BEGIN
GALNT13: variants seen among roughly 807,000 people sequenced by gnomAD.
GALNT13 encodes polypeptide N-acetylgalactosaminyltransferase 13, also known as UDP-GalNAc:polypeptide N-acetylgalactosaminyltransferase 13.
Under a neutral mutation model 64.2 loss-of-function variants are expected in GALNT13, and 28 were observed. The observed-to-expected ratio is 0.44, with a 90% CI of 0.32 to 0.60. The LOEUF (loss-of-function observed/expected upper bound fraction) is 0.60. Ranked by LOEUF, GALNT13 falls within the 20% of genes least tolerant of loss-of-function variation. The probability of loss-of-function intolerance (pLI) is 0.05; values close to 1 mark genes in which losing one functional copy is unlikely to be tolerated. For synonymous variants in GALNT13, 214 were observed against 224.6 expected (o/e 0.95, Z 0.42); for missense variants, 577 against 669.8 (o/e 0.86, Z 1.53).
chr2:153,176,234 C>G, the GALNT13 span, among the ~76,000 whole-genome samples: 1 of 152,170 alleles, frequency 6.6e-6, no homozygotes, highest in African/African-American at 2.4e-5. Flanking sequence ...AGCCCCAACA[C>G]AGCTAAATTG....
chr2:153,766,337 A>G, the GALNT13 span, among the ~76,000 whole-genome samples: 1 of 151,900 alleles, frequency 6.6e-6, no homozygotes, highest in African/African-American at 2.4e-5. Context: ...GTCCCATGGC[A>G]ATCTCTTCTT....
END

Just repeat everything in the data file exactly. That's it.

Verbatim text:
GALNT13: variants seen among roughly 807,000 people sequenced by gnomAD.
GALNT13 encodes polypeptide N-acetylgalactosaminyltransferase 13, also known as UDP-GalNAc:polypeptide N-acetylgalactosaminyltransferase 13.
Under a neutral mutation model 64.2 loss-of-function variants are expected in GALNT13, and 28 were observed. The observed-to-expected ratio is 0.44, with a 90% CI of 0.32 to 0.60. The LOEUF (loss-of-function observed/expected upper bound fraction) is 0.60. Ranked by LOEUF, GALNT13 falls within the 20% of genes least tolerant of loss-of-function variation. The probability of loss-of-function intolerance (pLI) is 0.05; values close to 1 mark genes in which losing one functional copy is unlikely to be tolerated. For synonymous variants in GALNT13, 214 were observed against 224.6 expected (o/e 0.95, Z 0.42); for missense variants, 577 against 669.8 (o/e 0.86, Z 1.53).
chr2:153,176,234 C>G, the GALNT13 span, among the ~76,000 whole-genome samples: 1 of 152,170 alleles, frequency 6.6e-6, no homozygotes, highest in African/African-American at 2.4e-5. Flanking sequence ...AGCCCCAACA[C>G]AGCTAAATTG....
chr2:153,766,337 A>G, the GALNT13 span, among the ~76,000 whole-genome samples: 1 of 151,900 alleles, frequency 6.6e-6, no homozygotes, highest in African/African-American at 2.4e-5. Context: ...GTCCCATGGC[A>G]ATCTCTTCTT....